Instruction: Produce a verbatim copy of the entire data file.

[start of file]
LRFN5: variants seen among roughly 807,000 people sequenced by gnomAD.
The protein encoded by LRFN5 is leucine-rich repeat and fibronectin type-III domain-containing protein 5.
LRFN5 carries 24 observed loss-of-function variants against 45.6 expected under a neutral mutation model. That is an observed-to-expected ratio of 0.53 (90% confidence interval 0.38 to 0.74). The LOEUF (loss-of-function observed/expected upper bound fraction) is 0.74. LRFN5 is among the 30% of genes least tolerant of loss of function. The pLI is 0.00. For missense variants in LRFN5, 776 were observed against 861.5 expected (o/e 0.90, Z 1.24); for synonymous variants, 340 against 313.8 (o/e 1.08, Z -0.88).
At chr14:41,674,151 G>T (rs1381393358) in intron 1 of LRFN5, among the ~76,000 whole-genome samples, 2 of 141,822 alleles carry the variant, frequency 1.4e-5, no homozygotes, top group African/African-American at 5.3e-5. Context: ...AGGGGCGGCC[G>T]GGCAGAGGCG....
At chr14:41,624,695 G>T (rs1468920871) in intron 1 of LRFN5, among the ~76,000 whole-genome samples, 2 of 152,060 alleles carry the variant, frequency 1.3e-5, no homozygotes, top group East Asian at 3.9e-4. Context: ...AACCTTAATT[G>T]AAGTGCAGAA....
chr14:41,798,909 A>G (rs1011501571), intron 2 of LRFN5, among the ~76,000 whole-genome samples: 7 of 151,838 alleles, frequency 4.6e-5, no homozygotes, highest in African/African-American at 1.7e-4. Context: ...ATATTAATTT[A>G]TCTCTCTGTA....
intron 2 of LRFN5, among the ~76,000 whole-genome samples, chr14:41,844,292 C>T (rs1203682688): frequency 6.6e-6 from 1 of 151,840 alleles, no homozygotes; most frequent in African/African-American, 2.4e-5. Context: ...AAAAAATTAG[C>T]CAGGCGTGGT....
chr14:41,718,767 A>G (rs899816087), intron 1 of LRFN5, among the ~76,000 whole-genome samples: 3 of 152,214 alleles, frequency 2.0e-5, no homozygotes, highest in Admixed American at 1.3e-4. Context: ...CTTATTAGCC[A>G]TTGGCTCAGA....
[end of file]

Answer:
LRFN5: variants seen among roughly 807,000 people sequenced by gnomAD.
The protein encoded by LRFN5 is leucine-rich repeat and fibronectin type-III domain-containing protein 5.
LRFN5 carries 24 observed loss-of-function variants against 45.6 expected under a neutral mutation model. That is an observed-to-expected ratio of 0.53 (90% confidence interval 0.38 to 0.74). The LOEUF (loss-of-function observed/expected upper bound fraction) is 0.74. LRFN5 is among the 30% of genes least tolerant of loss of function. The pLI is 0.00. For missense variants in LRFN5, 776 were observed against 861.5 expected (o/e 0.90, Z 1.24); for synonymous variants, 340 against 313.8 (o/e 1.08, Z -0.88).
At chr14:41,674,151 G>T (rs1381393358) in intron 1 of LRFN5, among the ~76,000 whole-genome samples, 2 of 141,822 alleles carry the variant, frequency 1.4e-5, no homozygotes, top group African/African-American at 5.3e-5. Context: ...AGGGGCGGCC[G>T]GGCAGAGGCG....
At chr14:41,624,695 G>T (rs1468920871) in intron 1 of LRFN5, among the ~76,000 whole-genome samples, 2 of 152,060 alleles carry the variant, frequency 1.3e-5, no homozygotes, top group East Asian at 3.9e-4. Context: ...AACCTTAATT[G>T]AAGTGCAGAA....
chr14:41,798,909 A>G (rs1011501571), intron 2 of LRFN5, among the ~76,000 whole-genome samples: 7 of 151,838 alleles, frequency 4.6e-5, no homozygotes, highest in African/African-American at 1.7e-4. Context: ...ATATTAATTT[A>G]TCTCTCTGTA....
intron 2 of LRFN5, among the ~76,000 whole-genome samples, chr14:41,844,292 C>T (rs1203682688): frequency 6.6e-6 from 1 of 151,840 alleles, no homozygotes; most frequent in African/African-American, 2.4e-5. Context: ...AAAAAATTAG[C>T]CAGGCGTGGT....
chr14:41,718,767 A>G (rs899816087), intron 1 of LRFN5, among the ~76,000 whole-genome samples: 3 of 152,214 alleles, frequency 2.0e-5, no homozygotes, highest in Admixed American at 1.3e-4. Context: ...CTTATTAGCC[A>G]TTGGCTCAGA....